Friend of the Watershed
Friends of the Corvallis Watershed is a grassroots community group that advocates for the Corvallis Watershed and fights to protect this precious community resource.
This website is a work in progress being updated regularly as more information and resources become available.
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SPEAK OUT NOW!
A new vision statement for the Corvallis Forest. . .
Question: What can we residents of the Corvallis community do to meaningfully address the global climate change crisis and the global extinction crisis?
Answer: Start locally by protecting the Corvallis Forest—a valuable carbon sink and a rare old-forest watershed that current and future residents depend on for drinking water. Yet, its future is compromised by the city’s steady push for more logging and timber revenues...
We need a new vision for the Corvallis Forest that drives a local, active and ethical response to both global climate change and extinction, while protecting this emblematic forest for long-term drinking water quality and supply.
Attend the Wednesday, March 22, 5:00 p.m. meeting of the Corvallis Forest
Stewardship Plan Update task force. You can attend in person or on-line. Speak in support our new proposed vision statement below. Tell the task force why it’s important to protect and preserve the Corvallis Forest.
The old vision statement in the 2013 Corvallis Forest Stewardship Plan:
“The Corvallis Forest within the Rock Creek Watershed is a professionally managed, healthy ecosystem with a diverse forest and productive habitat for all species native to the watershed.”
Talking points: What’s wrong with the old vision statement?
It doesn’t say how far ahead it’s looking... It could be next week or the next century. It says nothing about drinking water or water quality. It says nothing about climate change. Why is “professionally managed” part of the vision statement? Probably because the current managers, who specialize in timber management, want to keep it that way. “Healthy” is a vague, ambiguous term as is “diverse forest” which could be highly fragmented and full of invasive species.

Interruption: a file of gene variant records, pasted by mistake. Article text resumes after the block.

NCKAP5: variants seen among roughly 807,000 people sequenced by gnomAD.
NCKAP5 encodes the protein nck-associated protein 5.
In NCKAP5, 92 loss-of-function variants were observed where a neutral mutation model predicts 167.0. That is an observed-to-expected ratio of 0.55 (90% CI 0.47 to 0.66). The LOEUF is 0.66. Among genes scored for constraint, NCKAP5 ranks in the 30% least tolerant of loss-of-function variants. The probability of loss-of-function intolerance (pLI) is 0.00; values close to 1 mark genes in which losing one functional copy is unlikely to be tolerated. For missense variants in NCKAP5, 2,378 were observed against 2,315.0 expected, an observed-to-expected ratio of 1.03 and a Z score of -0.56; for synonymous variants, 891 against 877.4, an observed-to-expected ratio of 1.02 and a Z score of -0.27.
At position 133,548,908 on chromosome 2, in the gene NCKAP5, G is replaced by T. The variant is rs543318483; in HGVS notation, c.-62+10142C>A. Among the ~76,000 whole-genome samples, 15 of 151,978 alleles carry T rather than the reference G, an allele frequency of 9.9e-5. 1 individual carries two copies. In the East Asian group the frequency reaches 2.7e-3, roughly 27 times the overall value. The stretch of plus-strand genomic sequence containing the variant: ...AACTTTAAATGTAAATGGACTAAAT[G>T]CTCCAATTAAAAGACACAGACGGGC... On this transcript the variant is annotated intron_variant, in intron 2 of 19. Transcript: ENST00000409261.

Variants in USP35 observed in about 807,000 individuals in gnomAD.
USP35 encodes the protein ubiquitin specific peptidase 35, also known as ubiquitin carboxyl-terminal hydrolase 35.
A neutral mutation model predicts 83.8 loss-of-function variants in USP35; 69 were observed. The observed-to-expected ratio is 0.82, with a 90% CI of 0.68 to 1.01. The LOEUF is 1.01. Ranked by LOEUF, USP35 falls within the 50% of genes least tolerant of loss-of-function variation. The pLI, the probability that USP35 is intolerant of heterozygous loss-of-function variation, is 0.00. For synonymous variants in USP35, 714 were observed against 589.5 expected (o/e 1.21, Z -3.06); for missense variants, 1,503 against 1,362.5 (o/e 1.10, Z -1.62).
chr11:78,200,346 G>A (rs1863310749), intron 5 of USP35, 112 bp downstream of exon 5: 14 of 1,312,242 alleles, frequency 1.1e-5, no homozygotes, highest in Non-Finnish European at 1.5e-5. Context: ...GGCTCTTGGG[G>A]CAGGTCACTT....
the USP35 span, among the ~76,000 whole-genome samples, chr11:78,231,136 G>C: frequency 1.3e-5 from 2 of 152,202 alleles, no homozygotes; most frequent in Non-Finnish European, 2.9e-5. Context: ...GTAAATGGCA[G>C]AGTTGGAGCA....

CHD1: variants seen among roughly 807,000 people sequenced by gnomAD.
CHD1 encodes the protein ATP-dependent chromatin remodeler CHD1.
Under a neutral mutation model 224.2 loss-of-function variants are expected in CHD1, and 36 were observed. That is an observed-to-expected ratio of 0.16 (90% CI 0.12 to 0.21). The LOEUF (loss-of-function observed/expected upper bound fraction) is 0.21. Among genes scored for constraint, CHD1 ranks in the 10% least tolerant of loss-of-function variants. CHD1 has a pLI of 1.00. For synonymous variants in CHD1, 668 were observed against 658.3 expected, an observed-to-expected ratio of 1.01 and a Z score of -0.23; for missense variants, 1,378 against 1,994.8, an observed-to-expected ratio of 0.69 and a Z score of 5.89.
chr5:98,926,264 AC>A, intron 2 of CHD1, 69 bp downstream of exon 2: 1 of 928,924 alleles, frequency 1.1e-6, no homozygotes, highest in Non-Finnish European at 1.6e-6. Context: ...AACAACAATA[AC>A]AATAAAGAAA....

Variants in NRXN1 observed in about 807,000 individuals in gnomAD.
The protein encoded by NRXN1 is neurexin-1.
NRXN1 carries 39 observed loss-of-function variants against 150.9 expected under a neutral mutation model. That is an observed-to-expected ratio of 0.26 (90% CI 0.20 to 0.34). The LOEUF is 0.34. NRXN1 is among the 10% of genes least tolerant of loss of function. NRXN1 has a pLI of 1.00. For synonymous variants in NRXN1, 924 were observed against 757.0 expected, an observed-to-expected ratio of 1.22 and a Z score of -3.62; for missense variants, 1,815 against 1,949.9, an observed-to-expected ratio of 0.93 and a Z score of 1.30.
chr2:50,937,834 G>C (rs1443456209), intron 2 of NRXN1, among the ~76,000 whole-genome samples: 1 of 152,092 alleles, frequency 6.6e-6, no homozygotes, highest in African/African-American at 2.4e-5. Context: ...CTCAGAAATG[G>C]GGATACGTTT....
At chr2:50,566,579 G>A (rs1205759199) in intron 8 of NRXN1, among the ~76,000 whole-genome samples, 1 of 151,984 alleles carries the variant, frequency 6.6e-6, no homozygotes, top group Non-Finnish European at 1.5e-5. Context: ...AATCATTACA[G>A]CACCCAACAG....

Talking points: A proposed new vision statement for the Corvallis Forest: 100 years from now, the Corvallis Forest within the Rock Creek Watershed is a model municipal drinking water catchment, esteemed by Corvallis residents as a protected, late-successional forested landscape that provides safe, reliable quantities of drinking water with greatly reduced treatment costs, resilience to climate change impacts, diverse terrestrial and aquatic habitats for native species, and abundant carbon storage.
Talking points: Old guiding principles:
Old guiding principles can be found in the 2013 Corvallis Forest Stewardship Plan needed general rewriting. We’ve re-drafted them below, including removing this one:
• Corvallis Forest is a generator of revenue that is primarily used to offset the cost of forest management, and secondarily helps fund the City of Corvallis water utility system.
New guiding principles:
• The Corvallis Forest is managed for source water protection to preserve and enhance the ecosystem functions of the forest that naturally supply high quality municipal drinking water for the city of Corvallis;
• The Corvallis Forest is managed to preserve and enhance the ecosystem functions of the forest that regulate stream flows supplying reliable quantities of drinking water throughout the year;
• The Corvallis Forest is managed on behalf of the residents of Corvallis as a model of late seral forest preservation, providing a local, active and ethical response to the global biodiversity crisis and the climate change crisis;
• The Corvallis Forest is managed to preserve the ecosystem functions of the forest that provide stream water quality, reliable quantities, and temperatures in support of aquatic species and habitat;
• Corvallis Forest is managed to maintain the existing variety of different ages and types of forest that provide diversity of native terrestrial and aquatic habitats;
• The Corvallis Forest is managed as a “good neighbor” to residents living near and around the watershed;
• The Corvallis Forest is managed as an integral part of the larger Rock Creek Watershed, all of which embodies the valuable ecosystem functions that the inhabitants of the Corvallis region depend on;